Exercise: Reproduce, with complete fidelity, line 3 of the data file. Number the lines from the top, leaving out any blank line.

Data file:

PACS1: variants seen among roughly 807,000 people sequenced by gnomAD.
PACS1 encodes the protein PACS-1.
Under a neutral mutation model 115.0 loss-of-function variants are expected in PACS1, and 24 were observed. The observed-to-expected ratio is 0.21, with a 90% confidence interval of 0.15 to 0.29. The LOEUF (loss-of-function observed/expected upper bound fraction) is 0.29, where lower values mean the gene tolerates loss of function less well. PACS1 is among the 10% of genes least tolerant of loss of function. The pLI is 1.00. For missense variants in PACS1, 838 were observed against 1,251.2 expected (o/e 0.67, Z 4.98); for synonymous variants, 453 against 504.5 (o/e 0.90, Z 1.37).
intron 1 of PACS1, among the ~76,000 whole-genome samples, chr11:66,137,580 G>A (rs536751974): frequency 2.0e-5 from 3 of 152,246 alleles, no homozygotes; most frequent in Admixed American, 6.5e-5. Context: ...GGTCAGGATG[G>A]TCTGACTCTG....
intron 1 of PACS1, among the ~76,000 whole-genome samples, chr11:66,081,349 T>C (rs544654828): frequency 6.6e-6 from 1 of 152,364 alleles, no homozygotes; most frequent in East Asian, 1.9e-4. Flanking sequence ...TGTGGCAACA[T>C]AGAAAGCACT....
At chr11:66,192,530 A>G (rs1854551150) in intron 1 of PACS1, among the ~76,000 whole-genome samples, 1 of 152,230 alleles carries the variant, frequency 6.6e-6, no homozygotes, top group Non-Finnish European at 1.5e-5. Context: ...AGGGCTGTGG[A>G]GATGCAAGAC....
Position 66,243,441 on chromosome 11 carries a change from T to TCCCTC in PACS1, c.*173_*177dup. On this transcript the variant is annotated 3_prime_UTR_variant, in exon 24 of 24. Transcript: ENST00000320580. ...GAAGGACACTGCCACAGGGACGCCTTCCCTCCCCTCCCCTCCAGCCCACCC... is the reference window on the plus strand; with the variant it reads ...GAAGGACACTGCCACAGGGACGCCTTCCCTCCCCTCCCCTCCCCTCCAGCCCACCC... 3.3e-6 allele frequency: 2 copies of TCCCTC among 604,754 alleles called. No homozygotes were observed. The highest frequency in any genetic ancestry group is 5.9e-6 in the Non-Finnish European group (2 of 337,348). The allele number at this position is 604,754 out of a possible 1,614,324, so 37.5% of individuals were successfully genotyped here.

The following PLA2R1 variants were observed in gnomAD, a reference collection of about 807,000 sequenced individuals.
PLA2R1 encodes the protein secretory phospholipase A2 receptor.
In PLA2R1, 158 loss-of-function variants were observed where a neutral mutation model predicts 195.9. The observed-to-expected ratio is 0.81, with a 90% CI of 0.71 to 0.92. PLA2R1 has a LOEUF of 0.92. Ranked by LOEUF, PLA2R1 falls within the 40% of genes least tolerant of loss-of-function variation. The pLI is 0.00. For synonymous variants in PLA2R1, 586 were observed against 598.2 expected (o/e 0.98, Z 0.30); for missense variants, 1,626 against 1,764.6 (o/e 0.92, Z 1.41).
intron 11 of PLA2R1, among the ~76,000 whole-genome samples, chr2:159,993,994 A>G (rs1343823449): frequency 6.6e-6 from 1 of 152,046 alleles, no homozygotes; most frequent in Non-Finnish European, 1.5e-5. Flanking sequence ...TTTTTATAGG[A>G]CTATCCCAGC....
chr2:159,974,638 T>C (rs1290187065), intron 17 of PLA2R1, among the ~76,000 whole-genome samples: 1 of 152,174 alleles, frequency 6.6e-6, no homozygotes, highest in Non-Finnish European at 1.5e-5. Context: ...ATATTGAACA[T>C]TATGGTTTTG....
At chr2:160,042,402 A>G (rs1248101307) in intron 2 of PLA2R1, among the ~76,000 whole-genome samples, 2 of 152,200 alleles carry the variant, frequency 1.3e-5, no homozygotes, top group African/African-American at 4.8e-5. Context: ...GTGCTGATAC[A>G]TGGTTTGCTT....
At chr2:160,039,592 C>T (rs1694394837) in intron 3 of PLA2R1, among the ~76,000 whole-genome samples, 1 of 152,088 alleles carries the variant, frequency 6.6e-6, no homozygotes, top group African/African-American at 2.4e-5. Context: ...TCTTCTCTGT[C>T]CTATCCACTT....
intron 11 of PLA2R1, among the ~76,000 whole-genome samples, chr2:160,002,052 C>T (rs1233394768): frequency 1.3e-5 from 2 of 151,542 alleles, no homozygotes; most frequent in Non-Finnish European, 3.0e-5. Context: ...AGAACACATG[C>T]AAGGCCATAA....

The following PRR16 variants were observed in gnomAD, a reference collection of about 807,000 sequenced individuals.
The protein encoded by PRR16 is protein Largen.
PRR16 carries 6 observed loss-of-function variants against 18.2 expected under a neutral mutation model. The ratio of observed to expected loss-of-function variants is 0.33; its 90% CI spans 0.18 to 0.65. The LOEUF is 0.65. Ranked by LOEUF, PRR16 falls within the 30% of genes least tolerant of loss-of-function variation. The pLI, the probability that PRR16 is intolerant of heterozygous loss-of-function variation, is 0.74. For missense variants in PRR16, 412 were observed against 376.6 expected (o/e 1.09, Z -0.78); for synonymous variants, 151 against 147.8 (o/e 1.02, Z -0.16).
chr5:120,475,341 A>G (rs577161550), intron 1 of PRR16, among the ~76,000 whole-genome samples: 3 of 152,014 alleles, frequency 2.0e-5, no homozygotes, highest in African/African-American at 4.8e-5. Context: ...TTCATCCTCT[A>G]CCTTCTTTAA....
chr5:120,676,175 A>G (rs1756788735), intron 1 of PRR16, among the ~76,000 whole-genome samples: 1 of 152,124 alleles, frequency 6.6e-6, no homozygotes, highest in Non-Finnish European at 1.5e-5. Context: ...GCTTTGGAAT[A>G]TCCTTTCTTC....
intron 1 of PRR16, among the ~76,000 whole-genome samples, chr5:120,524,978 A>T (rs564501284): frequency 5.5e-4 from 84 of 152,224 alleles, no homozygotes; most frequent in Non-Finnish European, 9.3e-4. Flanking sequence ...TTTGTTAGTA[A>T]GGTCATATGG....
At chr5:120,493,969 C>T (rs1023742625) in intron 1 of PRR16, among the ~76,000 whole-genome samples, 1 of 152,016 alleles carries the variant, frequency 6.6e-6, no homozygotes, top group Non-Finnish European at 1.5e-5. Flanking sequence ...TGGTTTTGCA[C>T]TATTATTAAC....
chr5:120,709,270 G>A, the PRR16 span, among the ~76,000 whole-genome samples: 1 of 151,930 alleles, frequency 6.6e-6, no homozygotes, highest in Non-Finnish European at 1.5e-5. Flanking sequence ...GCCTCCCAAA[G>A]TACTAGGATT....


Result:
Under a neutral mutation model 115.0 loss-of-function variants are expected in PACS1, and 24 were observed. The observed-to-expected ratio is 0.21, with a 90% confidence interval of 0.15 to 0.29. The LOEUF (loss-of-function observed/expected upper bound fraction) is 0.29, where lower values mean the gene tolerates loss of function less well. PACS1 is among the 10% of genes least tolerant of loss of function. The pLI is 1.00. For missense variants in PACS1, 838 were observed against 1,251.2 expected (o/e 0.67, Z 4.98); for synonymous variants, 453 against 504.5 (o/e 0.90, Z 1.37).